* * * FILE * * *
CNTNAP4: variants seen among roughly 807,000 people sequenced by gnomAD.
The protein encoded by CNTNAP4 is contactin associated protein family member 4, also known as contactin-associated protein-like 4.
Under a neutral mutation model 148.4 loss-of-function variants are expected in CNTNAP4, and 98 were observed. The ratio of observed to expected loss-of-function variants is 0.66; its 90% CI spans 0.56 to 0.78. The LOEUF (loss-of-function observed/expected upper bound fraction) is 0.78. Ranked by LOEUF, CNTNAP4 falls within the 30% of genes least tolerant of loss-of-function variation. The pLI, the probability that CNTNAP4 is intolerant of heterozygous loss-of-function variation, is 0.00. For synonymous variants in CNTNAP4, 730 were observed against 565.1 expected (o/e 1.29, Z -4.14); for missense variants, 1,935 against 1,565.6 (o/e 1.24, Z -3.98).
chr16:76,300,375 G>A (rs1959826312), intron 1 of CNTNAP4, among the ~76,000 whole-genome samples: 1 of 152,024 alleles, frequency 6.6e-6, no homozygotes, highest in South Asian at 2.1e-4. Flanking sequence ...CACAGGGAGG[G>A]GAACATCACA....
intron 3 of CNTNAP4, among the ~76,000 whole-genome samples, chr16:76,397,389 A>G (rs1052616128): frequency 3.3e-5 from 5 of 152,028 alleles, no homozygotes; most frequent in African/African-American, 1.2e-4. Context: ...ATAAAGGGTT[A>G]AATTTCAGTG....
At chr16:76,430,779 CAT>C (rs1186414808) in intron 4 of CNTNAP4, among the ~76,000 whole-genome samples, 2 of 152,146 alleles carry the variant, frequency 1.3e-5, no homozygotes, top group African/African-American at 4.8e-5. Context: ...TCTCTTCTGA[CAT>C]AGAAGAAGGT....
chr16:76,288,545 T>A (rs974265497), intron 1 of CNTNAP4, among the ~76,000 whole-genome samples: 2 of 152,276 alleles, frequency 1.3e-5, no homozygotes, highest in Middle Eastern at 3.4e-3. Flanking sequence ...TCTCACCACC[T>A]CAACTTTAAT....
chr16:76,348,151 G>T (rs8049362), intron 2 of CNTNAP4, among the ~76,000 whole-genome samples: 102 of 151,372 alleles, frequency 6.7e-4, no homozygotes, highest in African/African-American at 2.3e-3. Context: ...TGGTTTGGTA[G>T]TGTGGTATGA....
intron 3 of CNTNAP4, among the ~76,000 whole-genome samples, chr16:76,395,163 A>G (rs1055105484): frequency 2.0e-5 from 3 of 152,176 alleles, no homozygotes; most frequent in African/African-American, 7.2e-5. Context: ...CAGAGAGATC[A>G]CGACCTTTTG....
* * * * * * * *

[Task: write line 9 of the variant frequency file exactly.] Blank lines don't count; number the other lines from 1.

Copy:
intron 3 of CNTNAP4, among the ~76,000 whole-genome samples, chr16:76,395,163 A>G (rs1055105484): frequency 2.0e-5 from 3 of 152,176 alleles, no homozygotes; most frequent in African/African-American, 7.2e-5. Context: ...CAGAGAGATC[A>G]CGACCTTTTG....